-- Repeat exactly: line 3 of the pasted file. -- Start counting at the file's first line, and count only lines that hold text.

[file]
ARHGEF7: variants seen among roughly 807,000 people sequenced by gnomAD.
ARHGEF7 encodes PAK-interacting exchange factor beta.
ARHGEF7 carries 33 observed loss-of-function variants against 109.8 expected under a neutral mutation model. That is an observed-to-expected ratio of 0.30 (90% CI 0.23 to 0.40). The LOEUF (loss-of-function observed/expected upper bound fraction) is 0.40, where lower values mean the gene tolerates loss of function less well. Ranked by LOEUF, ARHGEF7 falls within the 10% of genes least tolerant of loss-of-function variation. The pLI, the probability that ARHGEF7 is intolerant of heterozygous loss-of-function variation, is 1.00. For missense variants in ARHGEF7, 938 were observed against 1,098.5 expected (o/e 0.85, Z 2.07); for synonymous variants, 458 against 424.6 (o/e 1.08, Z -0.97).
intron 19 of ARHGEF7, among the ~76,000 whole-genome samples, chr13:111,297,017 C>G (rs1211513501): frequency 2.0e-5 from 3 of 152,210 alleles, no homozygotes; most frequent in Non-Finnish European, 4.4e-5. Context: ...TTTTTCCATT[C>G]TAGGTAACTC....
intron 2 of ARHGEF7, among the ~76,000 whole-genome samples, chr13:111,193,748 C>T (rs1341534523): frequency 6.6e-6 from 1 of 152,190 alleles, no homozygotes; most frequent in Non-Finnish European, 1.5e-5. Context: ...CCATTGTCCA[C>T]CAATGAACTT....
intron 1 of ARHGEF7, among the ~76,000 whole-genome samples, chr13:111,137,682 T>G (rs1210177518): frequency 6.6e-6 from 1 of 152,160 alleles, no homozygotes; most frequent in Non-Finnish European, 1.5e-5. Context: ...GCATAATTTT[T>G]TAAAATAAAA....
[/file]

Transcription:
ARHGEF7 carries 33 observed loss-of-function variants against 109.8 expected under a neutral mutation model. That is an observed-to-expected ratio of 0.30 (90% CI 0.23 to 0.40). The LOEUF (loss-of-function observed/expected upper bound fraction) is 0.40, where lower values mean the gene tolerates loss of function less well. Ranked by LOEUF, ARHGEF7 falls within the 10% of genes least tolerant of loss-of-function variation. The pLI, the probability that ARHGEF7 is intolerant of heterozygous loss-of-function variation, is 1.00. For missense variants in ARHGEF7, 938 were observed against 1,098.5 expected (o/e 0.85, Z 2.07); for synonymous variants, 458 against 424.6 (o/e 1.08, Z -0.97).